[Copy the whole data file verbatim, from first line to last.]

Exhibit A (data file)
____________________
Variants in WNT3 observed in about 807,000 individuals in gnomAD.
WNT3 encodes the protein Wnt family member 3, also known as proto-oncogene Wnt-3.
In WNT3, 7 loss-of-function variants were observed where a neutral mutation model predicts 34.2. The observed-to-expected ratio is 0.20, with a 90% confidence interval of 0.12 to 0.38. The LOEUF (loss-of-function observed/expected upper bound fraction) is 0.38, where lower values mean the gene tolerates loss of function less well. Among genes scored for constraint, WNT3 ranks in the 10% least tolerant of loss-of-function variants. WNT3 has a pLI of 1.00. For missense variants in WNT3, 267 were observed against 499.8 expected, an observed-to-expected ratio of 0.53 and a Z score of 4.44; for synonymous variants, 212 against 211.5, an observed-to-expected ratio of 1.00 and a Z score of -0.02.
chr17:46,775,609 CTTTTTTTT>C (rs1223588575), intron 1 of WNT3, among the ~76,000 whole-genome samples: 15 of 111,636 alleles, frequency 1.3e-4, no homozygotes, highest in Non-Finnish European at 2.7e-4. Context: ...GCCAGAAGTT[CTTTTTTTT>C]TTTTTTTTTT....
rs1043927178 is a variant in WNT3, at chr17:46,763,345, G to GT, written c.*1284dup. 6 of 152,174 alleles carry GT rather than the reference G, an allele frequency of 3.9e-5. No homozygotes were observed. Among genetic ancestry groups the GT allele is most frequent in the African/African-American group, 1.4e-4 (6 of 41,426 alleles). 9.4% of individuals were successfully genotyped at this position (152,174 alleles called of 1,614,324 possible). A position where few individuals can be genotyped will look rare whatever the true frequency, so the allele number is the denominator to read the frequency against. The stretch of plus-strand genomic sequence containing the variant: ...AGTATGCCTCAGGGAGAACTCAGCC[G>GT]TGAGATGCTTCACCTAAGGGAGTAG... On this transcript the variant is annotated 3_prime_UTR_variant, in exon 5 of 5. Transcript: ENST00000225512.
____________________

Variants in WNT3 observed in about 807,000 individuals in gnomAD.
WNT3 encodes the protein Wnt family member 3, also known as proto-oncogene Wnt-3.
In WNT3, 7 loss-of-function variants were observed where a neutral mutation model predicts 34.2. The observed-to-expected ratio is 0.20, with a 90% confidence interval of 0.12 to 0.38. The LOEUF (loss-of-function observed/expected upper bound fraction) is 0.38, where lower values mean the gene tolerates loss of function less well. Among genes scored for constraint, WNT3 ranks in the 10% least tolerant of loss-of-function variants. WNT3 has a pLI of 1.00. For missense variants in WNT3, 267 were observed against 499.8 expected, an observed-to-expected ratio of 0.53 and a Z score of 4.44; for synonymous variants, 212 against 211.5, an observed-to-expected ratio of 1.00 and a Z score of -0.02.
chr17:46,775,609 CTTTTTTTT>C (rs1223588575), intron 1 of WNT3, among the ~76,000 whole-genome samples: 15 of 111,636 alleles, frequency 1.3e-4, no homozygotes, highest in Non-Finnish European at 2.7e-4. Context: ...GCCAGAAGTT[CTTTTTTTT>C]TTTTTTTTTT....
rs1043927178 is a variant in WNT3, at chr17:46,763,345, G to GT, written c.*1284dup. 6 of 152,174 alleles carry GT rather than the reference G, an allele frequency of 3.9e-5. No homozygotes were observed. Among genetic ancestry groups the GT allele is most frequent in the African/African-American group, 1.4e-4 (6 of 41,426 alleles). 9.4% of individuals were successfully genotyped at this position (152,174 alleles called of 1,614,324 possible). A position where few individuals can be genotyped will look rare whatever the true frequency, so the allele number is the denominator to read the frequency against. The stretch of plus-strand genomic sequence containing the variant: ...AGTATGCCTCAGGGAGAACTCAGCC[G>GT]TGAGATGCTTCACCTAAGGGAGTAG... On this transcript the variant is annotated 3_prime_UTR_variant, in exon 5 of 5. Transcript: ENST00000225512.